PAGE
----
December is parcel time. That’s noticeable at the student residences in Wageningen too. Even more packages than usual are piling up in the hall. And even more packages than usual are getting lost or damaged. Resource went to investigate.
To test how package delivery is working (and in the hope of speaking to a delivery person), Resource ordered a package to be delivered to a Dijkgraaf flat. The package was due to be delivered by PostNL between 10:05 and 12:05, but after a two-hour wait outside without seeing any sign of a delivery driver, there came an email saying ‘left at the parcel delivery point’*.
The two hours spent at Dijkgraaf were not a waste of time, though. They provided a chance to ask residents about their experiences. Student of Plant Sciences Ruben Kuipers, for instance, says he only has parcels delivered here that will fit through the letterbox. Anything else he gets delivered to the nearest delivery point. “Chronically overworked and underpaid delivery drivers work under pressure and aren’t going to figure out how the extraordinary house-numbering system at Dijkgraaf works. So they just dump everything downstairs and then a package can disappear.’ He lost a charger that way. ‘According to the delivery service, the package was delivered, but I never received anything.’
As hard as possible
Biology student Maartje van der Linden lives at Dijkgraaf too. She finds some delivery services better than others. ‘PostNL often takes parcels straight to a delivery point, which is OK actually. But I get packages delivered by DHL sent to my parents’ house, because that often goes wrong here.’ In the Dijkgraaf Facebook group, Van der Linden sees a lot of posts about packages that have got lost or damaged. ‘Today there was someone whose parcel from Hunkemöller had been opened. Apparently, the person who did that didn’t think much of the contents and left the package where it was. How many of the packages that disappear are stolen or returned to a parcel point without notification, I don’t know.’
It’s as though the block was designed to make it as hard as possible for delivery drivers
Even when the delivery person does deliver the packages to the right place, it can still go wrong. Van der Linden: ‘The address system for this building is complicated. We all live at Dijkgraaf 4. The building has 18 floors, each with three wings – a, b and c – and then there are rooms in each wing. And that’s all got to fit on the address line. So a package addressed to Dijkgraaf 4-gang 4b kamer 12 is supposed to end up on the fourth floor in the B wing, but it might equally end up being left on the 12th floor.’ The lifts are not particularly handy for the delivery drivers either, says Van der Linden. ‘There are three lifts, but each of them goes to just one in three floors.’ When you look at it this way, it seems almost as though the block was designed to make it as hard as possible for delivery drivers. ‘Yes, I do get that idea sometimes.’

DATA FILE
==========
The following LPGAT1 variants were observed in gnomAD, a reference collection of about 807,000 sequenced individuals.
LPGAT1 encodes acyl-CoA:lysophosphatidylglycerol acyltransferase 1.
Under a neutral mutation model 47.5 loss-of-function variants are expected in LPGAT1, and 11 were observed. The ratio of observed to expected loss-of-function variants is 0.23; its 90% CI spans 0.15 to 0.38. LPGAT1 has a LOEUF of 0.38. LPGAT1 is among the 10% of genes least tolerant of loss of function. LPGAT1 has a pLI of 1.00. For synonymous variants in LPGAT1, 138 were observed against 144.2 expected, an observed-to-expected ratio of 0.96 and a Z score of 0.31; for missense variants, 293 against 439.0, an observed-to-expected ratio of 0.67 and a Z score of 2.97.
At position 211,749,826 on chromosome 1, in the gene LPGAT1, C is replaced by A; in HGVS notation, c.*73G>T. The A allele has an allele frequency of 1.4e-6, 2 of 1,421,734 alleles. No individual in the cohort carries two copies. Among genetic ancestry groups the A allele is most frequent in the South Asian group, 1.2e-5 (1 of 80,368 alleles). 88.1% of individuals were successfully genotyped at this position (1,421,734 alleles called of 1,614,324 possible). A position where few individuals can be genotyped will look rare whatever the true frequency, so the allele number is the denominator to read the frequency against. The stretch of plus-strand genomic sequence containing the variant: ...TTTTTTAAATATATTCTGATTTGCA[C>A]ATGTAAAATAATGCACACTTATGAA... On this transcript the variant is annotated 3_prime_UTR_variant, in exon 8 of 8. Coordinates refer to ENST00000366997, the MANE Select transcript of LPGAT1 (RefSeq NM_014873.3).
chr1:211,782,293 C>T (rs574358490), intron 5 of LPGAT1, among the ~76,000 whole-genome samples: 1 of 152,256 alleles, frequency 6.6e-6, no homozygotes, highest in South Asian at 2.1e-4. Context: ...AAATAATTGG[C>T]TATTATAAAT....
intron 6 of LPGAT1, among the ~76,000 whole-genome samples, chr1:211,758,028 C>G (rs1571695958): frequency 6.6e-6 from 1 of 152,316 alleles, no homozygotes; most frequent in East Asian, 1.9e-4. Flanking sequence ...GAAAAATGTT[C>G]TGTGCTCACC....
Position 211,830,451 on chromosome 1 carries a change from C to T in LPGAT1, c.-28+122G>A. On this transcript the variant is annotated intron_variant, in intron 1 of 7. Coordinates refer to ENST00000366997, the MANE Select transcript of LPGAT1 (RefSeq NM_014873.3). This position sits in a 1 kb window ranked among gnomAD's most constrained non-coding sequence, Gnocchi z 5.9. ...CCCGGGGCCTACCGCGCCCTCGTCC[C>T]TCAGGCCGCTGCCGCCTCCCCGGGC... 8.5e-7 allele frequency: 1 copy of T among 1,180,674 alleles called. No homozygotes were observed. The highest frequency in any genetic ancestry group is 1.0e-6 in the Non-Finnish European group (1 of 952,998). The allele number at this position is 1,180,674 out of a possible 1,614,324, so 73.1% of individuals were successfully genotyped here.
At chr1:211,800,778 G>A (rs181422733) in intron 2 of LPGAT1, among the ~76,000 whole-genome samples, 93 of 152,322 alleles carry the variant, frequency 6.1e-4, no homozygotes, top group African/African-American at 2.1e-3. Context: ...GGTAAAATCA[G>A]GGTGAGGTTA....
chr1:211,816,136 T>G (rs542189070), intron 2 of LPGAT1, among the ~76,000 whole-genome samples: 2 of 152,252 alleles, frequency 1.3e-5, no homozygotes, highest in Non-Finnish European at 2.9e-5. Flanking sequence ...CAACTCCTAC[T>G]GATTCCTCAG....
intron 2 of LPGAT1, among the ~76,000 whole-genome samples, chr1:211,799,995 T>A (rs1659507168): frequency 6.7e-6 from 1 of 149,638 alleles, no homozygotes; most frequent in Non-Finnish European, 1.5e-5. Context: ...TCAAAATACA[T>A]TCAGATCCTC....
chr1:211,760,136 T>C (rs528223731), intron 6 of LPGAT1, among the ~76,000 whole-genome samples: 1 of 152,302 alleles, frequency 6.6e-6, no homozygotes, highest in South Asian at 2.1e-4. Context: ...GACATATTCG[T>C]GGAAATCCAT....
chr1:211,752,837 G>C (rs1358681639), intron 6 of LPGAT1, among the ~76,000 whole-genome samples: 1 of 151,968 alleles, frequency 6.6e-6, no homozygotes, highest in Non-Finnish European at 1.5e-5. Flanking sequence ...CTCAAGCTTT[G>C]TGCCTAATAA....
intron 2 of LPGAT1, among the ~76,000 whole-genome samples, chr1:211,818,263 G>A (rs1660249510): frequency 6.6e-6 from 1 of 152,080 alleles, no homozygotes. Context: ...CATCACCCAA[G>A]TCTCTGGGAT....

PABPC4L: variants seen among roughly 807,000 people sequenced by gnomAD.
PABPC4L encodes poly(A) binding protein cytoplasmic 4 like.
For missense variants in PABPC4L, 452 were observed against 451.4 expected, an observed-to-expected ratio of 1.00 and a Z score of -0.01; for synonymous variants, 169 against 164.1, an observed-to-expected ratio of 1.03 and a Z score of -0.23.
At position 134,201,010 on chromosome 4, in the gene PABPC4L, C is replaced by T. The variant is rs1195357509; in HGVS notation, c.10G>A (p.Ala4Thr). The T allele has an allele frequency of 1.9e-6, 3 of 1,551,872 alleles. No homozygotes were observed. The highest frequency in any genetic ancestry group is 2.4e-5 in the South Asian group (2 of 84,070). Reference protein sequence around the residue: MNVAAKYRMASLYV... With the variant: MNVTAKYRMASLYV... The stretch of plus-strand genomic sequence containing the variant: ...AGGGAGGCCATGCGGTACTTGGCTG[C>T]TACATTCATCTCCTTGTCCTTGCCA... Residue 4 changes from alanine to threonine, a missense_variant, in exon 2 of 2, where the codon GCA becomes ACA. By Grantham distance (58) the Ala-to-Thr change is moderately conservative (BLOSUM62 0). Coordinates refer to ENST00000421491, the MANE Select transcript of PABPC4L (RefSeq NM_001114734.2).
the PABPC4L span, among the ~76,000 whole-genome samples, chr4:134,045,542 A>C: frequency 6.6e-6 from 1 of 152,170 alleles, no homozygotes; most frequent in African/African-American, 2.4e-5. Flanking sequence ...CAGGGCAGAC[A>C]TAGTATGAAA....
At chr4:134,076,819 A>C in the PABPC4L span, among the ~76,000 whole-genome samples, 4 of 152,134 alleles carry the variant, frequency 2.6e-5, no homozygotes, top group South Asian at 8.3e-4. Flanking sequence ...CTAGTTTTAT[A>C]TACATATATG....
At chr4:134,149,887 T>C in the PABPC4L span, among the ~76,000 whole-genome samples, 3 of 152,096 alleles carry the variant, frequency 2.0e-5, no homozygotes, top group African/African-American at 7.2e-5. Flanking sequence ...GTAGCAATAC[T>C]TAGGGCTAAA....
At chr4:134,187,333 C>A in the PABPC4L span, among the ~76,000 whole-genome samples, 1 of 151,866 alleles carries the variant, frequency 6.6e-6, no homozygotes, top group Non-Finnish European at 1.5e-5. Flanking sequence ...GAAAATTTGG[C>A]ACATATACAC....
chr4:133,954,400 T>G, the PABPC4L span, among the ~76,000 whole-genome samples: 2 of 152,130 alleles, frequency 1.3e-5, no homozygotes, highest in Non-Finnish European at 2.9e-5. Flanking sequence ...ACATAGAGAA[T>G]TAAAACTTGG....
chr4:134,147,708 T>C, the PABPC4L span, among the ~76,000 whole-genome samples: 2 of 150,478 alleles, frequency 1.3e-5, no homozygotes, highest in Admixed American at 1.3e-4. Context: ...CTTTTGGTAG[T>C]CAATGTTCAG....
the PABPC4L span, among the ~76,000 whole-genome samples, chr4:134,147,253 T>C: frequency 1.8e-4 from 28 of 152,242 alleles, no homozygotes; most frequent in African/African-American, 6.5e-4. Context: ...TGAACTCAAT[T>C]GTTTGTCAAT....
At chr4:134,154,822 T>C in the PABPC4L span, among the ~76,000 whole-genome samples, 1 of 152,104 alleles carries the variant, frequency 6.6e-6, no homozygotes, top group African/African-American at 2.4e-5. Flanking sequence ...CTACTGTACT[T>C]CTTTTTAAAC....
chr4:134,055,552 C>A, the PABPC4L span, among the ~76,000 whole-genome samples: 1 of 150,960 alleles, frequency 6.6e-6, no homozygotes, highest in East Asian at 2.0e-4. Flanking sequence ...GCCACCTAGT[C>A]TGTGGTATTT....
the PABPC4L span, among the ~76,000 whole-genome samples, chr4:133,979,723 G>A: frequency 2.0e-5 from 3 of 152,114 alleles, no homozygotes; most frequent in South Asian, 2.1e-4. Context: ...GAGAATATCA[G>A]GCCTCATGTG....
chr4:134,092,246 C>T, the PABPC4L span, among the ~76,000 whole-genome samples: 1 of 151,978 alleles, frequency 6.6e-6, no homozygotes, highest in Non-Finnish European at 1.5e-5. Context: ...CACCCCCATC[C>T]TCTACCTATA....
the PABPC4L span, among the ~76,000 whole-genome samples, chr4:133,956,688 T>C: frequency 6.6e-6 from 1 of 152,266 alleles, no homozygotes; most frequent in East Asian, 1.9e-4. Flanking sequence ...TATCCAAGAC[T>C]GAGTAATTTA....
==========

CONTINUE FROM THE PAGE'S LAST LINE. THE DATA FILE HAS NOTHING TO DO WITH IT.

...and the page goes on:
The driver’s perspective
Then through the grapevine we managed to talk to a delivery driver from an unnamed delivery service (name known to the editor). ‘In the student flats there is often a sticker saying: don’t leave anything in the hall. And below it is a pile of packages.’ The student residences are quite a source of frustration for delivery staff. ‘At Bornsesteeg you can’t ring a bell downstairs, so you have to go all the way up. If neither the person nor the neighbours are at home, then before you know it, you spend ten minutes on a parcel you can’t deliver.’ When she had just started as a delivery driver, she dutifully went to the different floors, but she doesn’t always do so anymore. ‘If I’ve had a long day and I’ve still got to deliver something to one of those flats, I leave the packages down in the hall. I do then add a note to the delivery notification saying that the parcel is in the hall.’ She also sometimes gets parcels addressed with only the name and the number of the building on them. ‘We can’t do anything with those.’
The delivery driver is sorry to hear that some parcels get damaged or stolen. ‘We prefer to hand the parcels over to the recipients. But that isn’t always feasible in these buildings. Perhaps parcel lockers could be installed? Or a central parcel point at each building?’
Idealis is aware of the situation, says spokesperson Hellen Albers. ‘Parcels are sometimes left unattended in the hall, where anyone can access them, despite a clear statement from us that this is not the idea. We do arrange with suppliers that they should not deposit the parcels in the hall but should hand them over in person to the recipient. Unfortunately, that’s not what always happens. Idealis regularly tells its tenants they are better off collecting their parcels from collection points whenever possible. And we are looking into affordable options for improving parcel delivery at the flat buildings.’
* Inquiries at PostNL revealed that this delivery service now only delivers letterbox parcels to some student flats in Wageningen. A spokesperson: ‘Because parcels haven’t always reached the right people, our delivery staff take larger parcels directly to a PostNL point nearby, so that that the addressee picks up the parcel themselves.’